EU aims to be first carbon neutral economy by 2050
The European Union on November 28, 2018 urged government, businesses, citizens and regions to join it in an ambitious plan to cut emissions and make the bloc carbon neutral by 2050. The EU’s strategic long-term vision relies on its member states to take action.
The European Union on November 28, 2018 urged government, businesses, citizens and regions to join it in an ambitious plan to cut emissions and make the bloc carbon neutral by 2050.
The EU climate commissioner Miguel Arias Canete said in a press conference in Brussels that the bloc is kicking off a process to determine how Europe's energy and climate policy will evolve between now and 2050.
According to Canete, if Europe retains its current targets it will only reduce net carbon emissions by 60 per cent by mid-century, not enough to meet the bloc's pledges under the 2015 Paris climate accord.
• The European Union comprises 28 members, which together form one of the world's biggest and hence, most polluting economies. Hence, it is keen to play its part and become the first major world player to be "climate neutral".
• The European Union’s strategic long-term vision relies on its member states to take action.
• Under the climate neutral goal, the member states will submit their draft national climate and energy plans to the EU by the end of 2018.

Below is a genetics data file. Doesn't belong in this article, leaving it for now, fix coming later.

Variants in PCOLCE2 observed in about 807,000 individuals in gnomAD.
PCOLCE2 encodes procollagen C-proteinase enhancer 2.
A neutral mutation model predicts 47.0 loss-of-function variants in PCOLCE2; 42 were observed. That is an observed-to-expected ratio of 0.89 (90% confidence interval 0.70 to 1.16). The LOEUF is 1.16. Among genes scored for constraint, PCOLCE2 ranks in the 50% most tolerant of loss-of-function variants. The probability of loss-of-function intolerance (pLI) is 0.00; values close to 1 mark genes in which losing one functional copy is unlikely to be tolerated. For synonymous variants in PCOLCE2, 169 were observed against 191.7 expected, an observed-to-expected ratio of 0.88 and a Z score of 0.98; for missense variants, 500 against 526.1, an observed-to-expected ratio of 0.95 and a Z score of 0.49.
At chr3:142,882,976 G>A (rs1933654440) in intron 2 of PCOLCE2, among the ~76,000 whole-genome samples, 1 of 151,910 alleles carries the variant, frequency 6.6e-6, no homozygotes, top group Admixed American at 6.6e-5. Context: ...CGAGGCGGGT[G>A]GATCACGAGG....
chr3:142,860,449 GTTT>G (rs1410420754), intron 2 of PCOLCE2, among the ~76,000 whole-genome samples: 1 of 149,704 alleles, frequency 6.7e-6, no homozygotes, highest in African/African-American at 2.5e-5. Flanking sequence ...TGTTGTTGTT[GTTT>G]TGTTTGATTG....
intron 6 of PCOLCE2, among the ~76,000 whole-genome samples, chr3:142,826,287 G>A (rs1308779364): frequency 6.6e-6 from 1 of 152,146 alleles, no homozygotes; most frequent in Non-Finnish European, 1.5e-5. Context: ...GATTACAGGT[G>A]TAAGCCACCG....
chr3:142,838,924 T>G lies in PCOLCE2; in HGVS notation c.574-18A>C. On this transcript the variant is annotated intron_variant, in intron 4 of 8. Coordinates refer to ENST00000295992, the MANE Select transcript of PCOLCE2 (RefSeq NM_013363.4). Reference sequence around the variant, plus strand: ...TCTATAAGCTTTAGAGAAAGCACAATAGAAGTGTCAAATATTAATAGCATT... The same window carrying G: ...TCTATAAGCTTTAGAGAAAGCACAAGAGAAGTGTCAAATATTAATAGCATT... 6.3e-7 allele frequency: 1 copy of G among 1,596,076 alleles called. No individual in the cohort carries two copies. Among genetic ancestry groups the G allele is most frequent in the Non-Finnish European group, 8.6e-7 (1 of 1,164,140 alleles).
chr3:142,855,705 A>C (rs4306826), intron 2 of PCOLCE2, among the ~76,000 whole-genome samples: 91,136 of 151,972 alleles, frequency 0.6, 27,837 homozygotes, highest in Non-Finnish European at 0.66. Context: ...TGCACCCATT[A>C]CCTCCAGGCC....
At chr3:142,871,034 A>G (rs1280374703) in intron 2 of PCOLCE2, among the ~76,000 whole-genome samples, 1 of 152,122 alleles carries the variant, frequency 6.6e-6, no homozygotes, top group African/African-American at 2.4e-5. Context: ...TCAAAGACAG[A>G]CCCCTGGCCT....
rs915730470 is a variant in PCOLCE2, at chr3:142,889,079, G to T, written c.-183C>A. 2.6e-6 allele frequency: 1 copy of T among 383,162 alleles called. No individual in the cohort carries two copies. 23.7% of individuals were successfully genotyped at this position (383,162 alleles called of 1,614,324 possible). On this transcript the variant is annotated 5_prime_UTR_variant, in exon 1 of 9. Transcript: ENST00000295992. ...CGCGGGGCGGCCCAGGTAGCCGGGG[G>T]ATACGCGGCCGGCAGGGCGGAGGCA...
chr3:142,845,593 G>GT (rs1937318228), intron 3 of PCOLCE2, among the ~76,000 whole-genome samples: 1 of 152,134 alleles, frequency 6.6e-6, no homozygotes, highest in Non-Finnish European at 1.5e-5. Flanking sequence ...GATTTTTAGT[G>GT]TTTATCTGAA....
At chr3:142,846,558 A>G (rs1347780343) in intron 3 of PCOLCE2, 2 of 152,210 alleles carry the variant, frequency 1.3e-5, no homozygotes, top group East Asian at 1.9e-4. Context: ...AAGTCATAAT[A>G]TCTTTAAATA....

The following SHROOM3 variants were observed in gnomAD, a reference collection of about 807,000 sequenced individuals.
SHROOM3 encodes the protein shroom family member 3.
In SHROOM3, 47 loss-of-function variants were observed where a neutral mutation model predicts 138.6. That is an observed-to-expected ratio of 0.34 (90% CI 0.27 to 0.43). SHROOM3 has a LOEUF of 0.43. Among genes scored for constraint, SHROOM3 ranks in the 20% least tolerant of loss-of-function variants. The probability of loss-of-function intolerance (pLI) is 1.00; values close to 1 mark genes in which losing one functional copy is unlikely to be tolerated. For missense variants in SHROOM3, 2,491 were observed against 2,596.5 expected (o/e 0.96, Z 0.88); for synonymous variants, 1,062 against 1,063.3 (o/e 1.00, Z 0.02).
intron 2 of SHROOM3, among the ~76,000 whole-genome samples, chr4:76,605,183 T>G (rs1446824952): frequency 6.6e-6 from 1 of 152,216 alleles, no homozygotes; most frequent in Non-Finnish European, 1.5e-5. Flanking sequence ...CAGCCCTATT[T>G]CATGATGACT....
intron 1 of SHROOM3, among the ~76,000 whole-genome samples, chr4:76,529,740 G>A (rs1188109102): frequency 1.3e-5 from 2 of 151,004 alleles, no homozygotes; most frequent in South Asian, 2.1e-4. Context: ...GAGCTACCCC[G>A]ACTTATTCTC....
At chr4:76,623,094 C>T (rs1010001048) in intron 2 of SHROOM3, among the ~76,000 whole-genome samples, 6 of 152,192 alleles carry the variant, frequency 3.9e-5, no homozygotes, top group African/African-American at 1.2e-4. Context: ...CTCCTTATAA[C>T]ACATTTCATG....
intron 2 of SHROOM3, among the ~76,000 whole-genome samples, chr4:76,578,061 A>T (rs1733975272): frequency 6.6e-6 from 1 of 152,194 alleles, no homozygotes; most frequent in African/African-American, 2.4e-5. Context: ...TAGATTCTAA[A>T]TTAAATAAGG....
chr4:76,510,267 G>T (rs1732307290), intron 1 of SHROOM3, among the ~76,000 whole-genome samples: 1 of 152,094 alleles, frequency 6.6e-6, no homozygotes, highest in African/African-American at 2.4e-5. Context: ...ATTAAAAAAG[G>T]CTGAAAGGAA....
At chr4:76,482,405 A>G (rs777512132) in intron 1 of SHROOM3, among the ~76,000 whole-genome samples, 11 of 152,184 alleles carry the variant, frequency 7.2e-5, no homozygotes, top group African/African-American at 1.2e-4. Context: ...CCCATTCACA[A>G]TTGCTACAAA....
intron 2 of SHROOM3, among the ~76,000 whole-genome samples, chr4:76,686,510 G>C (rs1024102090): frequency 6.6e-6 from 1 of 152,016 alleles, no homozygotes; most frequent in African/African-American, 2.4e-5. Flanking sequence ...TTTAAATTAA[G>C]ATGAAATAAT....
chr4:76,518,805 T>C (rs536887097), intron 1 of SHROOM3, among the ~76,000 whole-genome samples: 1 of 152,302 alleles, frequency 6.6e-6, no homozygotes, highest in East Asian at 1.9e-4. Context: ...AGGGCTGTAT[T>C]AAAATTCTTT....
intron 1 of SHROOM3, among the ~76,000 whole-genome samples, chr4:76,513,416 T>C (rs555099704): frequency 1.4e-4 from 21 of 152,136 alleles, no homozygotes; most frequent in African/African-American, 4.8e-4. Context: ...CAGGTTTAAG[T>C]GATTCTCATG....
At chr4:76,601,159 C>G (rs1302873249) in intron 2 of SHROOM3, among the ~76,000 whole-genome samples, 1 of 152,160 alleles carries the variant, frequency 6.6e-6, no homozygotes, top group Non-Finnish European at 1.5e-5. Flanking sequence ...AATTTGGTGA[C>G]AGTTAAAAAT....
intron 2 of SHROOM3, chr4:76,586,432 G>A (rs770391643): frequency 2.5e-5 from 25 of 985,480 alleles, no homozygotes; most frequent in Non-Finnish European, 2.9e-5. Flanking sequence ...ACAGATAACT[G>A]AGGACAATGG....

• According to EU’s climate commissioner, while more homes will be insulated and transport will be modernised, the key plank of any successful strategy will be to reduce fossil fuel use in energy production by 80 per cent by 2050.
• This implies increasing investments in clean energy from two per cent of Europe's GDP to 2.8 per cent, representing an additional spend of between 175 and 290 billion euros per year.
• The announcement comes at a time when delegations from more than 200 countries are due to convene in Poland for the upcoming COP24 climate summit, which aims to renew and build on the Paris deal and limit global warming.
The proposed strategy does not intend to launch new policies, nor does the European Commission intend to revise 2030 targets.
The strategy is meant to set the direction of travel of climate and energy policy and to frame what the European Union considers as its long-term contribution to achieving the Paris Agreement temperature objectives.
The strategy is "an invitation" to European citizens, businesses and institutions "to show leadership" and to put forward ideas to limit emissions.
According to EU climate commissioner Miguel Arias Canete, the bloc’s strategy would help reduce the cost of energy imports by two to three trillion euros by 2050.
The plans will cover commitments already made to reduce greenhouse emissions by 40 per cent before 2030, while the strategy now aims "for a climate neutral Europe by 2050".
While leaders across the world have been trying to keep the 2015 Paris Agreement afloat, one of the world’s leading economies, the United States continues to hold on its stand of rejecting the treaty and promising to withdraw from it.
Syria, which was the last remaining holdout previously, agreed to sign the Paris agreement in November 2017.
The accord is to take effect in 2020, and the UN Environment Program (UNEP) now warns that its two-degree goal is already out of date.
Experts also warn that the temperature rise is on track to surpass three degrees by 2100 and urge governments to do more than first planned if global warming is to be reined in at all.